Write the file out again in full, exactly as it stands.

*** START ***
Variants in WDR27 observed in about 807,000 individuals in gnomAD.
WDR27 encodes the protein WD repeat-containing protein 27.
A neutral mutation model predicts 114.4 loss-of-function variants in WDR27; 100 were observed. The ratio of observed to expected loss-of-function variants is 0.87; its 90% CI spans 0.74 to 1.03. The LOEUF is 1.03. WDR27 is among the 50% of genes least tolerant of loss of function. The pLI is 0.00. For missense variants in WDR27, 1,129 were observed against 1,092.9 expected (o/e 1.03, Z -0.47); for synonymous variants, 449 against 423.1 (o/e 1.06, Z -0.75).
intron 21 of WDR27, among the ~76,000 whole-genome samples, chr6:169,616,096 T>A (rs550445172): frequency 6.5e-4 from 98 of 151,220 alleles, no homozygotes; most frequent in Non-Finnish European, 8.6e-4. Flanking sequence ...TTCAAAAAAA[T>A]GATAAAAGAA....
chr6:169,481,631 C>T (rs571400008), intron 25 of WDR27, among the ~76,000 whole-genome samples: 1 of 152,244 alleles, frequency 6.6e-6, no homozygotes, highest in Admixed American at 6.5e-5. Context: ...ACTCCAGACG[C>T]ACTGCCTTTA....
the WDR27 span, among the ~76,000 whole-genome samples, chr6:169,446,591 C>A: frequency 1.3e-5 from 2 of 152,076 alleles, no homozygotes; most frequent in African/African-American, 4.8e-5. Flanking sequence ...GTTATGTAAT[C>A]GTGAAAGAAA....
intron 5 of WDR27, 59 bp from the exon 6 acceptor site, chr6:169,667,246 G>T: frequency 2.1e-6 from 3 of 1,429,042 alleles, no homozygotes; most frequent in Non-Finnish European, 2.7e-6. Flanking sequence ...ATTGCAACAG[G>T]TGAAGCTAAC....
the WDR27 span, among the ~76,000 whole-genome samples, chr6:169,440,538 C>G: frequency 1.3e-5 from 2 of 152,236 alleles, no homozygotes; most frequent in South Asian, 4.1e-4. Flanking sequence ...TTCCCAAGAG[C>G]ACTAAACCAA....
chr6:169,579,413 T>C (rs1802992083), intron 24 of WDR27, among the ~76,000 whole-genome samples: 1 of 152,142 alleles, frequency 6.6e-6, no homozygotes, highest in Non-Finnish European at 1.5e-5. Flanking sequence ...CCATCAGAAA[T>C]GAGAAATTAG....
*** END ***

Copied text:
Variants in WDR27 observed in about 807,000 individuals in gnomAD.
WDR27 encodes the protein WD repeat-containing protein 27.
A neutral mutation model predicts 114.4 loss-of-function variants in WDR27; 100 were observed. The ratio of observed to expected loss-of-function variants is 0.87; its 90% CI spans 0.74 to 1.03. The LOEUF is 1.03. WDR27 is among the 50% of genes least tolerant of loss of function. The pLI is 0.00. For missense variants in WDR27, 1,129 were observed against 1,092.9 expected (o/e 1.03, Z -0.47); for synonymous variants, 449 against 423.1 (o/e 1.06, Z -0.75).
intron 21 of WDR27, among the ~76,000 whole-genome samples, chr6:169,616,096 T>A (rs550445172): frequency 6.5e-4 from 98 of 151,220 alleles, no homozygotes; most frequent in Non-Finnish European, 8.6e-4. Flanking sequence ...TTCAAAAAAA[T>A]GATAAAAGAA....
chr6:169,481,631 C>T (rs571400008), intron 25 of WDR27, among the ~76,000 whole-genome samples: 1 of 152,244 alleles, frequency 6.6e-6, no homozygotes, highest in Admixed American at 6.5e-5. Context: ...ACTCCAGACG[C>T]ACTGCCTTTA....
the WDR27 span, among the ~76,000 whole-genome samples, chr6:169,446,591 C>A: frequency 1.3e-5 from 2 of 152,076 alleles, no homozygotes; most frequent in African/African-American, 4.8e-5. Flanking sequence ...GTTATGTAAT[C>A]GTGAAAGAAA....
intron 5 of WDR27, 59 bp from the exon 6 acceptor site, chr6:169,667,246 G>T: frequency 2.1e-6 from 3 of 1,429,042 alleles, no homozygotes; most frequent in Non-Finnish European, 2.7e-6. Flanking sequence ...ATTGCAACAG[G>T]TGAAGCTAAC....
the WDR27 span, among the ~76,000 whole-genome samples, chr6:169,440,538 C>G: frequency 1.3e-5 from 2 of 152,236 alleles, no homozygotes; most frequent in South Asian, 4.1e-4. Flanking sequence ...TTCCCAAGAG[C>G]ACTAAACCAA....
chr6:169,579,413 T>C (rs1802992083), intron 24 of WDR27, among the ~76,000 whole-genome samples: 1 of 152,142 alleles, frequency 6.6e-6, no homozygotes, highest in Non-Finnish European at 1.5e-5. Flanking sequence ...CCATCAGAAA[T>C]GAGAAATTAG....